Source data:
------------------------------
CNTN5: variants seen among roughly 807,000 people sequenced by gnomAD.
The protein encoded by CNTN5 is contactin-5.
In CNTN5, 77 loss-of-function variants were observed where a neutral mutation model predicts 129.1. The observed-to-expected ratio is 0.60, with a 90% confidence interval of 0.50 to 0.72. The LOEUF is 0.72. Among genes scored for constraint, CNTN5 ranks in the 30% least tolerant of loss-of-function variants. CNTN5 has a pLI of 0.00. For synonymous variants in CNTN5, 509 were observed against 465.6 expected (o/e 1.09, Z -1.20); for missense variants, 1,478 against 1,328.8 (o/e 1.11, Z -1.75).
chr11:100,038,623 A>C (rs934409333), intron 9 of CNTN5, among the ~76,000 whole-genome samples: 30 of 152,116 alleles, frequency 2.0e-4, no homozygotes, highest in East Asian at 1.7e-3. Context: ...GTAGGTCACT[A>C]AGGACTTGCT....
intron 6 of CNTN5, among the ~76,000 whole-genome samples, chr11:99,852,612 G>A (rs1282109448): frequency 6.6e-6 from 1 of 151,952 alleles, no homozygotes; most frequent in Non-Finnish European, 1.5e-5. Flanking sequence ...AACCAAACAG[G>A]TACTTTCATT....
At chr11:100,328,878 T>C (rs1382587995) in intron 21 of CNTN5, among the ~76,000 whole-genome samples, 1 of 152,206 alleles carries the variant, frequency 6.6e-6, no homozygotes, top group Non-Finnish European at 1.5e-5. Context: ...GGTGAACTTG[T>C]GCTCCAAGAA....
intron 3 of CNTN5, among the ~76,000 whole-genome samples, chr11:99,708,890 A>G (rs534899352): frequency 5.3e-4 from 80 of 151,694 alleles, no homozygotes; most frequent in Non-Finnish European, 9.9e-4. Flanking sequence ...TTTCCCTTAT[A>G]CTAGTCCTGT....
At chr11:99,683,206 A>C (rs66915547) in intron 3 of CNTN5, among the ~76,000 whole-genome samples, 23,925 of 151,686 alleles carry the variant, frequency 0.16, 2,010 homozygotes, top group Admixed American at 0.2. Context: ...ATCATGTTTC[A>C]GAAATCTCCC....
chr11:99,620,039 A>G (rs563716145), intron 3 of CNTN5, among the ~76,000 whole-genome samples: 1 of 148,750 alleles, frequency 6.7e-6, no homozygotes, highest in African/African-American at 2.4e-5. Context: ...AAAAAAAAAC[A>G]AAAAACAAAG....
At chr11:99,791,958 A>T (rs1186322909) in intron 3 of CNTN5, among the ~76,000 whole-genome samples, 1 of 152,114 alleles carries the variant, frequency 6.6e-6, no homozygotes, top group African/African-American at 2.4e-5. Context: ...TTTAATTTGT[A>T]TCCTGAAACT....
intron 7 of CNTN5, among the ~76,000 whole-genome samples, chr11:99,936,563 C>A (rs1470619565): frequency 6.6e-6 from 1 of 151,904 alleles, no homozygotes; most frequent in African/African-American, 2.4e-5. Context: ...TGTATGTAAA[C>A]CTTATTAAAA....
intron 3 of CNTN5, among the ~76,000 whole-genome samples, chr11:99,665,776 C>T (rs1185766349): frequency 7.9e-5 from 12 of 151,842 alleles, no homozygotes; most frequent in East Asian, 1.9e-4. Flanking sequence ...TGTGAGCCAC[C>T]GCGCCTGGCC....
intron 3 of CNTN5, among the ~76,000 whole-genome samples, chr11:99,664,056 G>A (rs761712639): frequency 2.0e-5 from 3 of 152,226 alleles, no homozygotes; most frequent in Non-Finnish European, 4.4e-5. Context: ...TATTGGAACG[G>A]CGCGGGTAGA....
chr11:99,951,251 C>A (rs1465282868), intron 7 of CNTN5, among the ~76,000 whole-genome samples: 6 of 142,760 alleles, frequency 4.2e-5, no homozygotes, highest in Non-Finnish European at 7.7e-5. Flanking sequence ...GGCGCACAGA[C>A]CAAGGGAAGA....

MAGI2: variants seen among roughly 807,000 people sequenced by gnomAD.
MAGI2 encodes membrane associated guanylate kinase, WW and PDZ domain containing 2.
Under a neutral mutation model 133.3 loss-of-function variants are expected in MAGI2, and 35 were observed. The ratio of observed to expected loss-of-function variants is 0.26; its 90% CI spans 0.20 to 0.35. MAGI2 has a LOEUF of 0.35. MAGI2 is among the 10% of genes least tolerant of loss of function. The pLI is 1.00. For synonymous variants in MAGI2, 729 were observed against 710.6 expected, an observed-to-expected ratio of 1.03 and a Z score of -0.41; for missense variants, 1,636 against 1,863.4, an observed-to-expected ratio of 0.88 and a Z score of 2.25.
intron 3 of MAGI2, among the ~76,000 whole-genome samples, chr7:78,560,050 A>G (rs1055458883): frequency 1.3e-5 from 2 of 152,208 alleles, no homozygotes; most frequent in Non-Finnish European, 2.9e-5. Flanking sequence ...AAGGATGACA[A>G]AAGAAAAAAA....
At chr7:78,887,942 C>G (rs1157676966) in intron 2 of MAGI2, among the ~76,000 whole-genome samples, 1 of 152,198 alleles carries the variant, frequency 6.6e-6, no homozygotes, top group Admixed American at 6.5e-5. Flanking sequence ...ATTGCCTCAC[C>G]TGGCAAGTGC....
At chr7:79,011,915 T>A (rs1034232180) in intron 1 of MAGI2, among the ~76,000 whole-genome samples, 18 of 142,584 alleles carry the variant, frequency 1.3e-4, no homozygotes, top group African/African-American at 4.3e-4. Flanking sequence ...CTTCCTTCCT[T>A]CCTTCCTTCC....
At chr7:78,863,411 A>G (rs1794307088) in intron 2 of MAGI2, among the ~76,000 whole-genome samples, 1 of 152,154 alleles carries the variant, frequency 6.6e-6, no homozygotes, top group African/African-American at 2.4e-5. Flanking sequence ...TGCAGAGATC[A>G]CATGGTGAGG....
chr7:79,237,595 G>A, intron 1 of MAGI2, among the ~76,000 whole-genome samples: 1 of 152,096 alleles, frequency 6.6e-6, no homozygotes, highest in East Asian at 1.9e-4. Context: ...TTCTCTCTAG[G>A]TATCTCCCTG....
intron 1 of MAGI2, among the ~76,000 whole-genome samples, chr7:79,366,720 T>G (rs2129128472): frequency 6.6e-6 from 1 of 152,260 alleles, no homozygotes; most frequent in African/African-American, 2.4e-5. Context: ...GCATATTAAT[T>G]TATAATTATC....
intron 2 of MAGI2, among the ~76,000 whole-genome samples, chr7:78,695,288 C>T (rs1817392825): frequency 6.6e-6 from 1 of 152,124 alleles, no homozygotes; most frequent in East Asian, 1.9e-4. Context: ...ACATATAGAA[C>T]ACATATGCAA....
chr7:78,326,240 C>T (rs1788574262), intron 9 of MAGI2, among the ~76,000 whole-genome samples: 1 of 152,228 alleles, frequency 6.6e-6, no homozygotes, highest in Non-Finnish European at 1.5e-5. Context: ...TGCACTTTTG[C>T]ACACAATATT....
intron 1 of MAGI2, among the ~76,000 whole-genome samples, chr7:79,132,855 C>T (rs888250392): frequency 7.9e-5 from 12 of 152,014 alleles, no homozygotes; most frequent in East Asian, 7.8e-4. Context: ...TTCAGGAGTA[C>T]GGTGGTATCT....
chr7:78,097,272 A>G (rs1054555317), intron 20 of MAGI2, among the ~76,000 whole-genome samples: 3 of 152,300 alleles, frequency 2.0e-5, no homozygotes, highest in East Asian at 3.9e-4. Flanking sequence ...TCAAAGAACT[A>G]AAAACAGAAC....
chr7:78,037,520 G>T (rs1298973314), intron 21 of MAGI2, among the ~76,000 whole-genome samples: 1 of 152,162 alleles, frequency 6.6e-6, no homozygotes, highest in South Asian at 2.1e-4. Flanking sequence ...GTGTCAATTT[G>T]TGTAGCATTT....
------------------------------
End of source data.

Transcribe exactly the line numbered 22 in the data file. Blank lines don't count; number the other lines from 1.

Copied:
chr7:79,237,595 G>A, intron 1 of MAGI2, among the ~76,000 whole-genome samples: 1 of 152,096 alleles, frequency 6.6e-6, no homozygotes, highest in East Asian at 1.9e-4. Context: ...TTCTCTCTAG[G>A]TATCTCCCTG....